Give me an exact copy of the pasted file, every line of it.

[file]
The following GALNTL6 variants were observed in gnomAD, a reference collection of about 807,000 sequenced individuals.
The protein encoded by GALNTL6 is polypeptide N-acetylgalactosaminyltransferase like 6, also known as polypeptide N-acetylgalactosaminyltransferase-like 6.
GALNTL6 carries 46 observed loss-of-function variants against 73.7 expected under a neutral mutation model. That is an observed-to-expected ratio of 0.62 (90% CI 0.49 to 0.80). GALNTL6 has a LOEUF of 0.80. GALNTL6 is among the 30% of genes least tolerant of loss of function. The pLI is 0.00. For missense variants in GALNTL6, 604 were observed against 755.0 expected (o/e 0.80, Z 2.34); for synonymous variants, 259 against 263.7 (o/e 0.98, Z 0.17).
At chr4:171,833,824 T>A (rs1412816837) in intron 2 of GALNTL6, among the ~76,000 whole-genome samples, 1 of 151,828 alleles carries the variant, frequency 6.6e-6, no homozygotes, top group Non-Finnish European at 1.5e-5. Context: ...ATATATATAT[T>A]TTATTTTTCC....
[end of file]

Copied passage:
The following GALNTL6 variants were observed in gnomAD, a reference collection of about 807,000 sequenced individuals.
The protein encoded by GALNTL6 is polypeptide N-acetylgalactosaminyltransferase like 6, also known as polypeptide N-acetylgalactosaminyltransferase-like 6.
GALNTL6 carries 46 observed loss-of-function variants against 73.7 expected under a neutral mutation model. That is an observed-to-expected ratio of 0.62 (90% CI 0.49 to 0.80). GALNTL6 has a LOEUF of 0.80. GALNTL6 is among the 30% of genes least tolerant of loss of function. The pLI is 0.00. For missense variants in GALNTL6, 604 were observed against 755.0 expected (o/e 0.80, Z 2.34); for synonymous variants, 259 against 263.7 (o/e 0.98, Z 0.17).
At chr4:171,833,824 T>A (rs1412816837) in intron 2 of GALNTL6, among the ~76,000 whole-genome samples, 1 of 151,828 alleles carries the variant, frequency 6.6e-6, no homozygotes, top group Non-Finnish European at 1.5e-5. Context: ...ATATATATAT[T>A]TTATTTTTCC....